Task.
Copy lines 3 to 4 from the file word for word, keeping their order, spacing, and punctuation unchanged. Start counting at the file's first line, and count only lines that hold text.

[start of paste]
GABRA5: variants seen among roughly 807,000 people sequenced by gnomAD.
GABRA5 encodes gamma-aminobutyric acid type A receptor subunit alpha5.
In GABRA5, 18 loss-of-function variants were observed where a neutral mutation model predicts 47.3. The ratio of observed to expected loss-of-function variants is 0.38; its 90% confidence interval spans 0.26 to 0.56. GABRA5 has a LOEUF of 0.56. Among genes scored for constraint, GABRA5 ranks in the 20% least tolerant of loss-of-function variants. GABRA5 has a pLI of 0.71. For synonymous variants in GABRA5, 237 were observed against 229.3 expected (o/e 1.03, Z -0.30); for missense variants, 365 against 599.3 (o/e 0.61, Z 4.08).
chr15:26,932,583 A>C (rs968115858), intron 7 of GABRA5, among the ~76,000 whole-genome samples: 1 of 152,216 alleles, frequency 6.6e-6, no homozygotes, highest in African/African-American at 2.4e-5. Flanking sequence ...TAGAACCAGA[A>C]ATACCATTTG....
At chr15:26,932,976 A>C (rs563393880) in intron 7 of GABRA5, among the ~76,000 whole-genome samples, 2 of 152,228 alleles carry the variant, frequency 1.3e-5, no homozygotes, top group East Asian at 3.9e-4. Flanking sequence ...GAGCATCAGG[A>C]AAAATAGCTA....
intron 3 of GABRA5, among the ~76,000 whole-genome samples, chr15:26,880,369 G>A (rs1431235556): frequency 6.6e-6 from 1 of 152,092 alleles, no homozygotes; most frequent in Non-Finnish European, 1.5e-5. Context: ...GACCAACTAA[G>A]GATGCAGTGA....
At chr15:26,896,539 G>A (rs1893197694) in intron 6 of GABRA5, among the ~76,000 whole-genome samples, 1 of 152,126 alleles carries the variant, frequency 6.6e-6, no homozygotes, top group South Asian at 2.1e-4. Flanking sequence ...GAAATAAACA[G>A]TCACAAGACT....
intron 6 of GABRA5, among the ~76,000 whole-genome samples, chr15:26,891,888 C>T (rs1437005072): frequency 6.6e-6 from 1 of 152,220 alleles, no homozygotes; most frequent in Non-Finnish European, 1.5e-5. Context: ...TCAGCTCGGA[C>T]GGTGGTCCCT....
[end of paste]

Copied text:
In GABRA5, 18 loss-of-function variants were observed where a neutral mutation model predicts 47.3. The ratio of observed to expected loss-of-function variants is 0.38; its 90% confidence interval spans 0.26 to 0.56. GABRA5 has a LOEUF of 0.56. Among genes scored for constraint, GABRA5 ranks in the 20% least tolerant of loss-of-function variants. GABRA5 has a pLI of 0.71. For synonymous variants in GABRA5, 237 were observed against 229.3 expected (o/e 1.03, Z -0.30); for missense variants, 365 against 599.3 (o/e 0.61, Z 4.08).
chr15:26,932,583 A>C (rs968115858), intron 7 of GABRA5, among the ~76,000 whole-genome samples: 1 of 152,216 alleles, frequency 6.6e-6, no homozygotes, highest in African/African-American at 2.4e-5. Flanking sequence ...TAGAACCAGA[A>C]ATACCATTTG....